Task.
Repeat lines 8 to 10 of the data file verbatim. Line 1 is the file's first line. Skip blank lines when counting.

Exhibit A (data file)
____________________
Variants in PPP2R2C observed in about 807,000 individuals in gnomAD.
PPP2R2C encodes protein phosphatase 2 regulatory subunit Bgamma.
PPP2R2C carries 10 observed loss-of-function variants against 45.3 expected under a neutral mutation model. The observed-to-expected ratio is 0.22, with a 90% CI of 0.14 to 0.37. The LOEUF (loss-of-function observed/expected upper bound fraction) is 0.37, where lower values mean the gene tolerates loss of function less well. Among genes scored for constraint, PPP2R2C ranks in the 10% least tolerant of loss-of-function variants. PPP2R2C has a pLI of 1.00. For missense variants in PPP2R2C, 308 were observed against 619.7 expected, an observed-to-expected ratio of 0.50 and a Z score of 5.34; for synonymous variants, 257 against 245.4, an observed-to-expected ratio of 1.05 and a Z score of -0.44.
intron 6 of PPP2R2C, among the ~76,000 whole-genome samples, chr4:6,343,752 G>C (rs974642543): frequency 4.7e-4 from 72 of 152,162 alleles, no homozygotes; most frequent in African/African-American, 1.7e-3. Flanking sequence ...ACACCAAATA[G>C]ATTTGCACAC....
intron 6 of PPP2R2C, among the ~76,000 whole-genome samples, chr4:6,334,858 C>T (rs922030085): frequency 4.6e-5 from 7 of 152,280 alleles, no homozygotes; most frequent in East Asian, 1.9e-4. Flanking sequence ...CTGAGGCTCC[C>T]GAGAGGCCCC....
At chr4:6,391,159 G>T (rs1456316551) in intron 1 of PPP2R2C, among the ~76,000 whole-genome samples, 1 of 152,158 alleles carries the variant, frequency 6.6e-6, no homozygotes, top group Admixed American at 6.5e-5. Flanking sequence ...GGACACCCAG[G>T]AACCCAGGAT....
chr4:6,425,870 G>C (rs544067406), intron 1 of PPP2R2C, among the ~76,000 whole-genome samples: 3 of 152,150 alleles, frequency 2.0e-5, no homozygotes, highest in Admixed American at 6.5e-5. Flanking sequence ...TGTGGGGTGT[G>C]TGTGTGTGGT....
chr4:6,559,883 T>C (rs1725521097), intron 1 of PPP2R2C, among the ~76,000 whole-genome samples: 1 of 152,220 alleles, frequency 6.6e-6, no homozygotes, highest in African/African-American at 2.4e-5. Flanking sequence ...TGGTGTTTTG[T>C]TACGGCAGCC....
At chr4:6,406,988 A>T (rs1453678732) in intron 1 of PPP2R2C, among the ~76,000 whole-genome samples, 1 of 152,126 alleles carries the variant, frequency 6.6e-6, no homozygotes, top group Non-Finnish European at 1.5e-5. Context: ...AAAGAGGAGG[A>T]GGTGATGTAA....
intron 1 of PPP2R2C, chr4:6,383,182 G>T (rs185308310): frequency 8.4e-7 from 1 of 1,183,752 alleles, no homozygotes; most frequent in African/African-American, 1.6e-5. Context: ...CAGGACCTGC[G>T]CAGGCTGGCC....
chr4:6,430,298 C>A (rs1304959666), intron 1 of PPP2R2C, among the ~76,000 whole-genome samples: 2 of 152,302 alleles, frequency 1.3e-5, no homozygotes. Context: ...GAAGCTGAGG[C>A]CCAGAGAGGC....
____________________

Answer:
chr4:6,559,883 T>C (rs1725521097), intron 1 of PPP2R2C, among the ~76,000 whole-genome samples: 1 of 152,220 alleles, frequency 6.6e-6, no homozygotes, highest in African/African-American at 2.4e-5. Flanking sequence ...TGGTGTTTTG[T>C]TACGGCAGCC....
At chr4:6,406,988 A>T (rs1453678732) in intron 1 of PPP2R2C, among the ~76,000 whole-genome samples, 1 of 152,126 alleles carries the variant, frequency 6.6e-6, no homozygotes, top group Non-Finnish European at 1.5e-5. Context: ...AAAGAGGAGG[A>T]GGTGATGTAA....
intron 1 of PPP2R2C, chr4:6,383,182 G>T (rs185308310): frequency 8.4e-7 from 1 of 1,183,752 alleles, no homozygotes; most frequent in African/African-American, 1.6e-5. Context: ...CAGGACCTGC[G>T]CAGGCTGGCC....